Standards for the KRTLE were set using the Angoff, Ebel, bookmark, and Hofstee methods. The Ebel and Hofstee methods showed the most similar results, and the cut score according to these 2 methods was also most similar to the current standard of the national examination (a score of 60). Since the cut score of the national examination is fixed, the examination committee members consider the fixed score when developing or organizing national examination items. In other words, the Ebel and Hofstee methods showed the most similar results when assuming that the items were created according to a passing score of 60. The Ebel method comprehensively takes into account the relevance of the items, the expected percentage of correct answers of the minimally competent person, and the percentage of correct answers on items with similar relevance and a similar expected percentage of correct answers by borderline examinees. Thus, the procedure is complicated, but the results were similar to the actual cut-off scores. In this study, the modified Angoff method, which refers to the information of the actual items to set the standard, was not applied. Thus, the cut-off score according to the Angoff method was different from the other cut-off scores.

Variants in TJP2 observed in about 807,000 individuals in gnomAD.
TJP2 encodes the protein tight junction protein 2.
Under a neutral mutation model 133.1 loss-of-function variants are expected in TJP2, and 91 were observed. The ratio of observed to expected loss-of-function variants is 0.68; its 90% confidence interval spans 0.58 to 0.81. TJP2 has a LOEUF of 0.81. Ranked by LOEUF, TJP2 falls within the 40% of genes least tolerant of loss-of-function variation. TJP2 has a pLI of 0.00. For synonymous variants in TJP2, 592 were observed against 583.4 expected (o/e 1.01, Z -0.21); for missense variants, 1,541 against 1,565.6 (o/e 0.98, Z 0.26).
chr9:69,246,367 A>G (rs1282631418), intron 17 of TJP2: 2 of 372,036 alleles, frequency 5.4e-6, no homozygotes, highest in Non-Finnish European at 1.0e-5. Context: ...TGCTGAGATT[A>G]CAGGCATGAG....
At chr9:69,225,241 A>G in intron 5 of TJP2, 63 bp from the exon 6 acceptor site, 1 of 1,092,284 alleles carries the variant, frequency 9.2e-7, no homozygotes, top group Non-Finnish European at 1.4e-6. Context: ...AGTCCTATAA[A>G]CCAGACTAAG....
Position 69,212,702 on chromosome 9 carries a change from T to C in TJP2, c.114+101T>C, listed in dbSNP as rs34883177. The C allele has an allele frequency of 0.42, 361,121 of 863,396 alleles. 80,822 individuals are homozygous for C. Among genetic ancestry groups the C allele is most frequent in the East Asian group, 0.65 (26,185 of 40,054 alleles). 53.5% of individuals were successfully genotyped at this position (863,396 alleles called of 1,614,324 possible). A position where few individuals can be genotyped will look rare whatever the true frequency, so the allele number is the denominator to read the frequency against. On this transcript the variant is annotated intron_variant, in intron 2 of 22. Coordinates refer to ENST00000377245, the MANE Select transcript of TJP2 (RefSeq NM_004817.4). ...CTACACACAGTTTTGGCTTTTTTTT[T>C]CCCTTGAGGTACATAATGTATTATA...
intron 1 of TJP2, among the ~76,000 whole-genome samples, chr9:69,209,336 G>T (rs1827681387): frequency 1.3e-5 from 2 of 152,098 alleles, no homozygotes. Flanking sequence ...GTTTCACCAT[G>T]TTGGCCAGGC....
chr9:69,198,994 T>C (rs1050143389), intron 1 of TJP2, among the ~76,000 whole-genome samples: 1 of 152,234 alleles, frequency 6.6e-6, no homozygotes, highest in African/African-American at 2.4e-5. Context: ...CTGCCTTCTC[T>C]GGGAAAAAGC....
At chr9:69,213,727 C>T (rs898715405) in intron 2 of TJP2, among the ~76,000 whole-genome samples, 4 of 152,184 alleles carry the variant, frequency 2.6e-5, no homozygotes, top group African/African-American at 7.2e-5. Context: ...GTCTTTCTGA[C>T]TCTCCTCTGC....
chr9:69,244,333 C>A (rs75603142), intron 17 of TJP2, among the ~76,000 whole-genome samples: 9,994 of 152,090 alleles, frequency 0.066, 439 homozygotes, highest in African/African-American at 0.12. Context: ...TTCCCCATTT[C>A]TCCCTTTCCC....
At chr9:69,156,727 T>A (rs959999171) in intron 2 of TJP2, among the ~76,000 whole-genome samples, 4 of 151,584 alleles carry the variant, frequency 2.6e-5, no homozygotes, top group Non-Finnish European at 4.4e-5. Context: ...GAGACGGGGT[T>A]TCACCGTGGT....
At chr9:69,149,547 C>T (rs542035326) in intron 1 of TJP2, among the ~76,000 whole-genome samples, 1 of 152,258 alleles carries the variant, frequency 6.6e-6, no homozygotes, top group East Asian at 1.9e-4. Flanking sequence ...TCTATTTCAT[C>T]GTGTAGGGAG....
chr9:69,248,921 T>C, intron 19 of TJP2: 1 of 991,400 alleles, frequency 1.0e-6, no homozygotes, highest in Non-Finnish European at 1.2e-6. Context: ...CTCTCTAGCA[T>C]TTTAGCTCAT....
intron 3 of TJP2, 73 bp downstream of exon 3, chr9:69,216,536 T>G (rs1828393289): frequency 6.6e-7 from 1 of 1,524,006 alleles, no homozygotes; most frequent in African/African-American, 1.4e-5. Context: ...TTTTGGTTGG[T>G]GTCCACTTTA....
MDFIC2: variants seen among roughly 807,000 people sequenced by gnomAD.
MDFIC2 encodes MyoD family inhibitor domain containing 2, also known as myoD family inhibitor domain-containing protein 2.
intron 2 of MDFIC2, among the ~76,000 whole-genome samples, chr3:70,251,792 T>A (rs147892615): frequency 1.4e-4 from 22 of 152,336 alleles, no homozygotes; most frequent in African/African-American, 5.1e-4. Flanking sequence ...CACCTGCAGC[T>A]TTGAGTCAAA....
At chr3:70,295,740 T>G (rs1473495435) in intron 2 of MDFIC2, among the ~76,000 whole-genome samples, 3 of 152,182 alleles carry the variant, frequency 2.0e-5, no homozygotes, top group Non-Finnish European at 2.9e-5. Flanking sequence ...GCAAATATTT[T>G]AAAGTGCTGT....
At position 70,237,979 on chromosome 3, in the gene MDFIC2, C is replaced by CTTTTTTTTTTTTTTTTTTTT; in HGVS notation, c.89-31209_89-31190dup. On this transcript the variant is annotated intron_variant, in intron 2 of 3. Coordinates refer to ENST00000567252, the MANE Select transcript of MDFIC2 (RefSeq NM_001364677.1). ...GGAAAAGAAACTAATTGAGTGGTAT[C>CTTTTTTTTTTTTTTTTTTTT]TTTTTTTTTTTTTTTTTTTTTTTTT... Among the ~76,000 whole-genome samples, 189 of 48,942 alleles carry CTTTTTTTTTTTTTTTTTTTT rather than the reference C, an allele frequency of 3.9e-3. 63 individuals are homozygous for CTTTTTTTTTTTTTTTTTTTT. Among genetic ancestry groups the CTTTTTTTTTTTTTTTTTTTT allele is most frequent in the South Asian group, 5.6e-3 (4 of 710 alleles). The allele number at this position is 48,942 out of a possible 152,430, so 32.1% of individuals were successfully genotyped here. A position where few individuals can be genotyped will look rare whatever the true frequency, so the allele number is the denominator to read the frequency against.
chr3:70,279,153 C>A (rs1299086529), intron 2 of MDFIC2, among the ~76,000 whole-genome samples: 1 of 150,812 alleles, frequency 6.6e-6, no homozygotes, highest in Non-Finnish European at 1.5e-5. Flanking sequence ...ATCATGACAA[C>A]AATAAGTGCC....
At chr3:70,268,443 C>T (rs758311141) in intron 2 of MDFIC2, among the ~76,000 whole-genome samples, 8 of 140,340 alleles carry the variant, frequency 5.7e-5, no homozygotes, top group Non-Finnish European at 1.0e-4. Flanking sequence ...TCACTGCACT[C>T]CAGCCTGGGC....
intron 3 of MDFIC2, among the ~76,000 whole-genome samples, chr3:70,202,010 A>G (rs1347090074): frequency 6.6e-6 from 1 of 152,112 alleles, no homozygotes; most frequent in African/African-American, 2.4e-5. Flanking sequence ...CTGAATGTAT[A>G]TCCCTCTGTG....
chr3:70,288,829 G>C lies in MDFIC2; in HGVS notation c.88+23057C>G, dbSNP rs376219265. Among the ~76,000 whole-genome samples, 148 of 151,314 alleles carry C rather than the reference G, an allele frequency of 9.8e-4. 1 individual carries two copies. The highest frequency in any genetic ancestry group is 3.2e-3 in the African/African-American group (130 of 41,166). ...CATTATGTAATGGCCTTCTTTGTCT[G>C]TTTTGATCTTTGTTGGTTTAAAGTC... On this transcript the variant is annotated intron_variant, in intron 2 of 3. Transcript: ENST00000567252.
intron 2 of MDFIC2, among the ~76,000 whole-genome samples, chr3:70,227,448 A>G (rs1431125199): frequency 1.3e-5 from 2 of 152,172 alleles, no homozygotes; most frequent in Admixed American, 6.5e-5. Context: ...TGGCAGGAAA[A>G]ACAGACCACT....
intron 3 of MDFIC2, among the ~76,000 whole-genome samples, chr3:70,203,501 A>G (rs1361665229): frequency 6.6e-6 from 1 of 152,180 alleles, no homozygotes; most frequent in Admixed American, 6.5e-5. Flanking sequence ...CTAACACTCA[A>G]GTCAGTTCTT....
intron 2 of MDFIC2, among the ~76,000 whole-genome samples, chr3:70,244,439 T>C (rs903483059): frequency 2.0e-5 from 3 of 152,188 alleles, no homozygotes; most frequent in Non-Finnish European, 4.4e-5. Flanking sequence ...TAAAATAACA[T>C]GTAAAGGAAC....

The standard-setting method proposed in this study is to rate items using the modified Angoff or Ebel methods in the first step and then to confirm the acceptable cut score and fail rate using the Hofstee method. The modified Angoff method, which is the most commonly used method of setting a cut score, and the Ebel method, which yielded relatively stable results in this study, can be applied to obtain the cut score. Then, the Hofstee method is used to examine whether the result is acceptable considering the maximum and minimum ranges of the cut score and fail rate. For the Qualifying Examination part II, which is a practical skill test for doctors in Canada, the cut-off score is calculated using contrasting groups and the borderline group method, and effect of the result is considered through the Hofstee method [16].